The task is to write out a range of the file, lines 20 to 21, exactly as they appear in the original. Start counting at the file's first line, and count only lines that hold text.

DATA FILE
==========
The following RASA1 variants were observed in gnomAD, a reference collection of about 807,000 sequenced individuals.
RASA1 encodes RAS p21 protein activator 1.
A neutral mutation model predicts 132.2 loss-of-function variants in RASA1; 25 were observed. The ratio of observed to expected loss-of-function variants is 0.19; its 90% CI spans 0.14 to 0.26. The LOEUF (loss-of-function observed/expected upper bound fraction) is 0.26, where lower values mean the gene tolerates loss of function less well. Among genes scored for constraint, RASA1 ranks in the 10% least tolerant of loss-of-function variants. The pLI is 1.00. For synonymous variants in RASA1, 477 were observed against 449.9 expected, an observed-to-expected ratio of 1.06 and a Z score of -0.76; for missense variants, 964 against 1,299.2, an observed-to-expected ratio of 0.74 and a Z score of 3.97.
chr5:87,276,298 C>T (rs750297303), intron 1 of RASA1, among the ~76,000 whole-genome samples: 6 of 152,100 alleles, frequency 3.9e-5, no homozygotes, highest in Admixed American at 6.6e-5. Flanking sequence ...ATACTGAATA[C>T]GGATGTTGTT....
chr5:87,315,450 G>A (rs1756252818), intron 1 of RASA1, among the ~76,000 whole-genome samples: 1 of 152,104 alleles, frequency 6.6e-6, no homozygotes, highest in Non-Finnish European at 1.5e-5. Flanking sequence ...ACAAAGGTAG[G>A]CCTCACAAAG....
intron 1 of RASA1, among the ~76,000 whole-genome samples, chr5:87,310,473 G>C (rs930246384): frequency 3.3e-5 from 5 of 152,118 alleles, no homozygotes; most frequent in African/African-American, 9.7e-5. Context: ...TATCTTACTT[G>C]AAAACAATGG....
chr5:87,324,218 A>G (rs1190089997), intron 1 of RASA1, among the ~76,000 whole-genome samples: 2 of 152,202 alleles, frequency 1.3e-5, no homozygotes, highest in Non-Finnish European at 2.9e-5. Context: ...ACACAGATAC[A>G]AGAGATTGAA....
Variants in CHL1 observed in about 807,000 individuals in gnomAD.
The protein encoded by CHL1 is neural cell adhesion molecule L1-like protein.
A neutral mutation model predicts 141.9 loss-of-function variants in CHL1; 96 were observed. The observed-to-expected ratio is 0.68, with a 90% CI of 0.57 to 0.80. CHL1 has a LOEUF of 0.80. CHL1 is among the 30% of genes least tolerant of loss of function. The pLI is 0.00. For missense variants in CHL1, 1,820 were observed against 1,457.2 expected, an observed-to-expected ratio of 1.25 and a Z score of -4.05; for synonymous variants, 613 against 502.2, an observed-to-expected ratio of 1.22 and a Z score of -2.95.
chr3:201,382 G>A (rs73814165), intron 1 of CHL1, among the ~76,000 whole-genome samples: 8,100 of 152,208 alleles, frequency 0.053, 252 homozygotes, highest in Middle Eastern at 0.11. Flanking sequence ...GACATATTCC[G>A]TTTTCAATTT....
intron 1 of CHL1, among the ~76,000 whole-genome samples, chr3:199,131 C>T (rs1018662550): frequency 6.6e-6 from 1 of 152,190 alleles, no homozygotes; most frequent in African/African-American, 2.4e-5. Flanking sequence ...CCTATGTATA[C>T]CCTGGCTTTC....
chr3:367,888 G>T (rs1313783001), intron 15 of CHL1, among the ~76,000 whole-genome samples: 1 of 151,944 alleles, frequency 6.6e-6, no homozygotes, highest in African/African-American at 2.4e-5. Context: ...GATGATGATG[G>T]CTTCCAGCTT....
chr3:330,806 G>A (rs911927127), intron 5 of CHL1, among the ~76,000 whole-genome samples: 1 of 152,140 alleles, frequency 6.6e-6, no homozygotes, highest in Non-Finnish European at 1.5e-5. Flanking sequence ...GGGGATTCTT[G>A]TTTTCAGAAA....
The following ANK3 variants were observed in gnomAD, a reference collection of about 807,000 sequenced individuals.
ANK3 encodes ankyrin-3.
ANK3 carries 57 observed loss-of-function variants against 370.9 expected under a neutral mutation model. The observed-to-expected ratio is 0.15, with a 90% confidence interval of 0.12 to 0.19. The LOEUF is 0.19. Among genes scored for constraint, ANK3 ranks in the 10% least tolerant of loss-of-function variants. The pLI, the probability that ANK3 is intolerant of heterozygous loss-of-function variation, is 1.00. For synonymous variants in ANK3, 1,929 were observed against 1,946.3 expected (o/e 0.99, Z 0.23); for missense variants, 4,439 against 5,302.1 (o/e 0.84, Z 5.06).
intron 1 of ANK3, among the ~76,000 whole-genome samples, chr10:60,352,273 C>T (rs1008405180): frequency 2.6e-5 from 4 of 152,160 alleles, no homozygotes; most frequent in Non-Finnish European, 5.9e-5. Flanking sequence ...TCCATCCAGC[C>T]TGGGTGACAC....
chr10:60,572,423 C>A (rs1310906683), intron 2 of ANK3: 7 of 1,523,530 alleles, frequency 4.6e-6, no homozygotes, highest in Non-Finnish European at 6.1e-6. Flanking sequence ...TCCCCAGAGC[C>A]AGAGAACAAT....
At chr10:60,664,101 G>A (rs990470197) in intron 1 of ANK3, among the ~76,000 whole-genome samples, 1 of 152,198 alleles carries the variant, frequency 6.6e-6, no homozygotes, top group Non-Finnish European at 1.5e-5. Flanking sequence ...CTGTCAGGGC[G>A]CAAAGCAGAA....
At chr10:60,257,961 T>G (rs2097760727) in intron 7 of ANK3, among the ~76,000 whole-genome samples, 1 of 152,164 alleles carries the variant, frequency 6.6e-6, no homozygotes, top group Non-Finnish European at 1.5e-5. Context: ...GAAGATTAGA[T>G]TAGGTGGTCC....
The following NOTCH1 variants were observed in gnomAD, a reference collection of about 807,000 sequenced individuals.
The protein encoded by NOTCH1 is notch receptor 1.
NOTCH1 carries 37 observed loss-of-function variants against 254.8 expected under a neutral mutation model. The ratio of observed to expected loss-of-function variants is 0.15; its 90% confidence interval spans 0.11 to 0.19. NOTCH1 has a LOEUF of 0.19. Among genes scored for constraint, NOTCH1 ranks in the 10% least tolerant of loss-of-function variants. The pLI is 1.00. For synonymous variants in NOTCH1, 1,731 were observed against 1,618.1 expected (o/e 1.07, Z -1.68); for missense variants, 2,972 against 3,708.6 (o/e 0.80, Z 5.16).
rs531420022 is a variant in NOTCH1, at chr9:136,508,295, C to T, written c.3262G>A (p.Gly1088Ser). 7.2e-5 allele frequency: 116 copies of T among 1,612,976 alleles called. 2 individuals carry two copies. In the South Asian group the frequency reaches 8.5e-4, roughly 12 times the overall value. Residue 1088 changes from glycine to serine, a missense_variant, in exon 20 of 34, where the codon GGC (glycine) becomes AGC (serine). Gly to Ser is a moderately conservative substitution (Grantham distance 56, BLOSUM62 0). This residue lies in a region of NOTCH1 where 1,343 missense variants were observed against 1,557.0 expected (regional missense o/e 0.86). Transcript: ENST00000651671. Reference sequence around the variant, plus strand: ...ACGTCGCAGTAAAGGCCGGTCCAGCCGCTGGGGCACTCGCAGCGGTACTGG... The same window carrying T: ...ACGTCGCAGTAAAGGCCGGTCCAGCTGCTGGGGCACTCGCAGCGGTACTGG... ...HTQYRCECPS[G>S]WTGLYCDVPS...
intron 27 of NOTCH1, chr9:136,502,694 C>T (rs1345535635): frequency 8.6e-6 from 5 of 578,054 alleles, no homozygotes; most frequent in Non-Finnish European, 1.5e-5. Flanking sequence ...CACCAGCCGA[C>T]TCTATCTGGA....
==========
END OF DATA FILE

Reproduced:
At chr10:60,664,101 G>A (rs990470197) in intron 1 of ANK3, among the ~76,000 whole-genome samples, 1 of 152,198 alleles carries the variant, frequency 6.6e-6, no homozygotes, top group Non-Finnish European at 1.5e-5. Flanking sequence ...CTGTCAGGGC[G>A]CAAAGCAGAA....
At chr10:60,257,961 T>G (rs2097760727) in intron 7 of ANK3, among the ~76,000 whole-genome samples, 1 of 152,164 alleles carries the variant, frequency 6.6e-6, no homozygotes, top group Non-Finnish European at 1.5e-5. Context: ...GAAGATTAGA[T>G]TAGGTGGTCC....